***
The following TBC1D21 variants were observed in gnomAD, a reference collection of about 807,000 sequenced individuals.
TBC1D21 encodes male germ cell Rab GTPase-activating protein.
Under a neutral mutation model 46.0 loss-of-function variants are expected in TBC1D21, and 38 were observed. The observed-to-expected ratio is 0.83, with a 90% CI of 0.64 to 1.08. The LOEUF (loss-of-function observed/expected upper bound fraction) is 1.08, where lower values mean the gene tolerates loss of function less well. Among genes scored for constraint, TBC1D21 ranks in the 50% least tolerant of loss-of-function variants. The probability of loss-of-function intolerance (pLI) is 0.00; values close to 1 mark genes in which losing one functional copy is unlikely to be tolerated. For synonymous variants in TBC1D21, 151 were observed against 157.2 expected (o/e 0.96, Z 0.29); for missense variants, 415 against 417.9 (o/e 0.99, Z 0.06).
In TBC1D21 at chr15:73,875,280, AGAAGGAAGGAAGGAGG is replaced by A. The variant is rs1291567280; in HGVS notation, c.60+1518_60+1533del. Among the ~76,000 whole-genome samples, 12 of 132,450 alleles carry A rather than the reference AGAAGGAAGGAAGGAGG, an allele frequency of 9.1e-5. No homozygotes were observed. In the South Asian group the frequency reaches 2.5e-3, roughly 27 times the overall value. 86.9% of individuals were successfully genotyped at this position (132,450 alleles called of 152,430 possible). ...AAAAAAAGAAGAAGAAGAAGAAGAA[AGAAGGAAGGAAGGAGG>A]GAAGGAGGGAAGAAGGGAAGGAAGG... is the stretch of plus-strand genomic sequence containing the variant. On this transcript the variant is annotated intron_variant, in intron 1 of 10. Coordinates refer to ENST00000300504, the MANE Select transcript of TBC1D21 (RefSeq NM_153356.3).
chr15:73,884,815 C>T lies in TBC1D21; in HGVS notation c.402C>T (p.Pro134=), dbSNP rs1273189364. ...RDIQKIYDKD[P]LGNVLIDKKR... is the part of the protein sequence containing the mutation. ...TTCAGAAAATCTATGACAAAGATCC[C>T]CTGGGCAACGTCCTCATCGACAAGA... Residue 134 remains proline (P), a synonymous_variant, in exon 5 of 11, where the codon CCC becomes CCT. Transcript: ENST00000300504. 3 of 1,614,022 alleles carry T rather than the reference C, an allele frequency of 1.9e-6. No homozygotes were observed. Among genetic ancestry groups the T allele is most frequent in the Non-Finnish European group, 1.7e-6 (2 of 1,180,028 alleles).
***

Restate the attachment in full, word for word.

The following TBC1D21 variants were observed in gnomAD, a reference collection of about 807,000 sequenced individuals.
TBC1D21 encodes male germ cell Rab GTPase-activating protein.
Under a neutral mutation model 46.0 loss-of-function variants are expected in TBC1D21, and 38 were observed. The observed-to-expected ratio is 0.83, with a 90% CI of 0.64 to 1.08. The LOEUF (loss-of-function observed/expected upper bound fraction) is 1.08, where lower values mean the gene tolerates loss of function less well. Among genes scored for constraint, TBC1D21 ranks in the 50% least tolerant of loss-of-function variants. The probability of loss-of-function intolerance (pLI) is 0.00; values close to 1 mark genes in which losing one functional copy is unlikely to be tolerated. For synonymous variants in TBC1D21, 151 were observed against 157.2 expected (o/e 0.96, Z 0.29); for missense variants, 415 against 417.9 (o/e 0.99, Z 0.06).
In TBC1D21 at chr15:73,875,280, AGAAGGAAGGAAGGAGG is replaced by A. The variant is rs1291567280; in HGVS notation, c.60+1518_60+1533del. Among the ~76,000 whole-genome samples, 12 of 132,450 alleles carry A rather than the reference AGAAGGAAGGAAGGAGG, an allele frequency of 9.1e-5. No homozygotes were observed. In the South Asian group the frequency reaches 2.5e-3, roughly 27 times the overall value. 86.9% of individuals were successfully genotyped at this position (132,450 alleles called of 152,430 possible). ...AAAAAAAGAAGAAGAAGAAGAAGAA[AGAAGGAAGGAAGGAGG>A]GAAGGAGGGAAGAAGGGAAGGAAGG... is the stretch of plus-strand genomic sequence containing the variant. On this transcript the variant is annotated intron_variant, in intron 1 of 10. Coordinates refer to ENST00000300504, the MANE Select transcript of TBC1D21 (RefSeq NM_153356.3).
chr15:73,884,815 C>T lies in TBC1D21; in HGVS notation c.402C>T (p.Pro134=), dbSNP rs1273189364. ...RDIQKIYDKD[P]LGNVLIDKKR... is the part of the protein sequence containing the mutation. ...TTCAGAAAATCTATGACAAAGATCC[C>T]CTGGGCAACGTCCTCATCGACAAGA... Residue 134 remains proline (P), a synonymous_variant, in exon 5 of 11, where the codon CCC becomes CCT. Transcript: ENST00000300504. 3 of 1,614,022 alleles carry T rather than the reference C, an allele frequency of 1.9e-6. No homozygotes were observed. Among genetic ancestry groups the T allele is most frequent in the Non-Finnish European group, 1.7e-6 (2 of 1,180,028 alleles).